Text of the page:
Ideally you want to aim for less than 5% sugar, and at least 3% fibre.

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How to build a healthy breakfast

With our breakfast formula of 30g wholegrains + 250ml milk/100g yoghurt + 150g fresh fruit + 20g (a small handful) of nuts and seeds, you can’t really get it wrong.

We have already thrown in the nuts and seeds for you, so with our muesli and granola aim for a 50g serving.

Here’s some examples of how you can switch it up…

Classic crunchy granola, milk and a handful of berries

Yoghurt, gluten-free granola, and a sliced peach

Bircher muesli made with a bircher muesli blend, yoghurt and a grated apple

Smoothie bowl made with yoghurt, frozen berries and low-sugar granola

Porridge made with 5 grain porridge mix, milk, and a sliced banana

Breakfast shake made with rolled oats, milk and a banana

 

Why not explore our range of healthy cereal and start your day in the best possible way?


This article was reproduced on this site with permission from operafoods.com.au the “Bulk Cereal Suppliers”.
See original article:- What is a Healthy Breakfast

Blueberry baked oats recipe

baked oats

There is a version of baked oats doing the rounds that involves blitzing all of the ingredients before baking. Once cooked, it is more like cake or pudding than a traditional oat breakfast dish. Add in some cacao and you have literally got chocolate cake for breakfast. We hear you.

Yet there is something to be said for classic baked oats – great for breakfast, like porridge on steroids, but equally good for pudding or dessert. There are few foods as comfortingly moreish as whole oats and we think they deserve to remain centre stage.

Baked oats for breakfast

Healthy baked oats are a great way to start your day. In fact, oats in any form are one of the best ways to fill up in the morning. Nutritional advice consistently agrees that the best ingredients of a healthy breakfast are a portion of wholegrains, a portion of dairy, and one or more portions of fruit. Oats in particular have many health credentials. One of the most nutrient dense foods around, they are packed with vitamins and minerals, including some uniquely powerful antioxidants. A good source of soluble fibre, oats are said to help with weight loss, blood sugar control, and lower the risk of heart disease. To name just a few of their many benefits.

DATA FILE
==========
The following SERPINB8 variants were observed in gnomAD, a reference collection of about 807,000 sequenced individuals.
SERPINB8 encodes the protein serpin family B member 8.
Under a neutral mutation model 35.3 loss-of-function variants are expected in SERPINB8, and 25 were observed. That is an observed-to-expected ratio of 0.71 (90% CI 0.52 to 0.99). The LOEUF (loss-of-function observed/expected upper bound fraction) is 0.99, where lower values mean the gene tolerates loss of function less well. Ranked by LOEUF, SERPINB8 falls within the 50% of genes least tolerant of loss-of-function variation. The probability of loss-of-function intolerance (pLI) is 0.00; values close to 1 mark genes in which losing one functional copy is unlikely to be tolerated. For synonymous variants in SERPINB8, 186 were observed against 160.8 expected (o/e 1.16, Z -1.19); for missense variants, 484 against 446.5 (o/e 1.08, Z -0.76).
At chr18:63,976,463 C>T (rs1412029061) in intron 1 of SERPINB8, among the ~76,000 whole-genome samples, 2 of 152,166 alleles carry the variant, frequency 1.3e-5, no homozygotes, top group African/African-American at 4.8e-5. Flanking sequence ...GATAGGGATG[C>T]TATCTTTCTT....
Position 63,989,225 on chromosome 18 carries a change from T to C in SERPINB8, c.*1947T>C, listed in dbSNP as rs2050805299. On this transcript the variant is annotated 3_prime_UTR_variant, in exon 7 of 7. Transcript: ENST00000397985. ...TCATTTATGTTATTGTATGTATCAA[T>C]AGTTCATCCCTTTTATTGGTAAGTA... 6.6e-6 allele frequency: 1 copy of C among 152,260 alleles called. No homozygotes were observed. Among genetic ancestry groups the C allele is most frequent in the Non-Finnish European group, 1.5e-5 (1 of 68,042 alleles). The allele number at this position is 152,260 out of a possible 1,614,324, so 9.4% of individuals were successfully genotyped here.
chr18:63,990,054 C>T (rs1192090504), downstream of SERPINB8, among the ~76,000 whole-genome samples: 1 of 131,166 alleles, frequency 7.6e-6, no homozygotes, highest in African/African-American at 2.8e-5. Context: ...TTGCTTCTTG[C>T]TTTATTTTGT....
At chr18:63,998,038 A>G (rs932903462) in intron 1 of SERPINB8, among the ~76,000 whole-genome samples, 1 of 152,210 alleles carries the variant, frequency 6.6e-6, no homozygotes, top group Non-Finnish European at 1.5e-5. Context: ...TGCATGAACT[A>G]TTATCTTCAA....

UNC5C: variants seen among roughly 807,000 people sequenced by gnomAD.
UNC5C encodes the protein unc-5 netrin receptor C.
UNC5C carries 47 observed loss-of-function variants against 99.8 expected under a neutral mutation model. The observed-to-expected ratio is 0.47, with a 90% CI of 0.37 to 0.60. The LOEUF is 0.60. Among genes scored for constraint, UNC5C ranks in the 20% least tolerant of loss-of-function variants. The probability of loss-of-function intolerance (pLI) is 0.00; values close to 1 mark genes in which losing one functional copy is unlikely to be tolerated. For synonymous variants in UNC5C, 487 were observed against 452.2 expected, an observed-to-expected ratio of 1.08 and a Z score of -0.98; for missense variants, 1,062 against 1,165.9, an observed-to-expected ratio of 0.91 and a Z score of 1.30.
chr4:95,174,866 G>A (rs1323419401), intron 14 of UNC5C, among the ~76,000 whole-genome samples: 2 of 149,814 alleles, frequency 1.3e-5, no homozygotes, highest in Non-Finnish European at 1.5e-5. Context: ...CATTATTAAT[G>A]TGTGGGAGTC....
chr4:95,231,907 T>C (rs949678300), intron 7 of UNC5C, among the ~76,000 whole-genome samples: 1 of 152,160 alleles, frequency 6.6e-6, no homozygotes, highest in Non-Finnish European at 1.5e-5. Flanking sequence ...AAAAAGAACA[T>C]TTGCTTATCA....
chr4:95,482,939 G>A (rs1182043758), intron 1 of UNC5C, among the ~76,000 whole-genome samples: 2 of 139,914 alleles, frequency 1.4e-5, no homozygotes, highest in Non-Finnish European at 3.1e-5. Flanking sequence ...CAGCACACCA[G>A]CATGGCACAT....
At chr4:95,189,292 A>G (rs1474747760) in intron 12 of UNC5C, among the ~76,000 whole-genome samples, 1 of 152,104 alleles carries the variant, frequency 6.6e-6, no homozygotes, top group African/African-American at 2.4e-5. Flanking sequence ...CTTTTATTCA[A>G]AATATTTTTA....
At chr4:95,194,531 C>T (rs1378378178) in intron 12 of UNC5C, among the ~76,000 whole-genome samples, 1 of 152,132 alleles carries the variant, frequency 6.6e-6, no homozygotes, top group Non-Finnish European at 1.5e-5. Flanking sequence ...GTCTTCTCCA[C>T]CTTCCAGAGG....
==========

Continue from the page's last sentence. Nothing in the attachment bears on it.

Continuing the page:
How to make baked oats

Baked oats are simpler to make than porridge. You just stir all the ingredients together and bake in the oven. It does have a few more ingredients though – eggs, baking powder and butter all help create a pudding-y texture.

You can make a chocolate version by adding a tablespoon of cacao powder to the mix. Raspberries go well with chocolate so consider switching out the blueberries with fresh or frozen raspberries. Sprinkle the top with raw cacao nibs for extra crunch.

The recipe is easily adapted to use pretty much anything you like. Add in a handful of chopped almonds or stir in some homemade almond butter. Go for grated apple, or tinned peaches. Experiment with yoghurt instead of milk, or get creative with sweet spices like cinnamon or nutmeg.

Try using our 5 grain porridge mix for extra grainy goodness.

Blueberry baked oats recipe

You can cook up a batch of baked oats and make it last all week so you always have a healthy breakfast to hand. . This recipe makes 6 generous servings.

2 cups oats

2 cups blueberries, fresh or frozen

2 cups milk 

2 eggs

2 tablespoons honey

2 tablespoons butter, melted

2 tsp baking powder

2 tsp vanilla extract

a pinch of salt

  1. Mix all of the ingredients together and tip into a greased baking dish.
  2. Bake for about 50 minutes at 180C.

Vegan baked oats

You can make a vegan version of this recipe by switching out the eggs for one or two mashed bananas and using your favourite alt-milk. Replace the honey with brown sugar or miss it out entirely.

 

Choose from our range of healthy cereal, including our organic rolled oats, available to buy online now.


This article was reproduced on this site with permission from operafoods.com.au the “Online Healthy Cereals Supplier”.
See original article:- Blueberry Baked Oats Recipe

Can you eat granola on keto?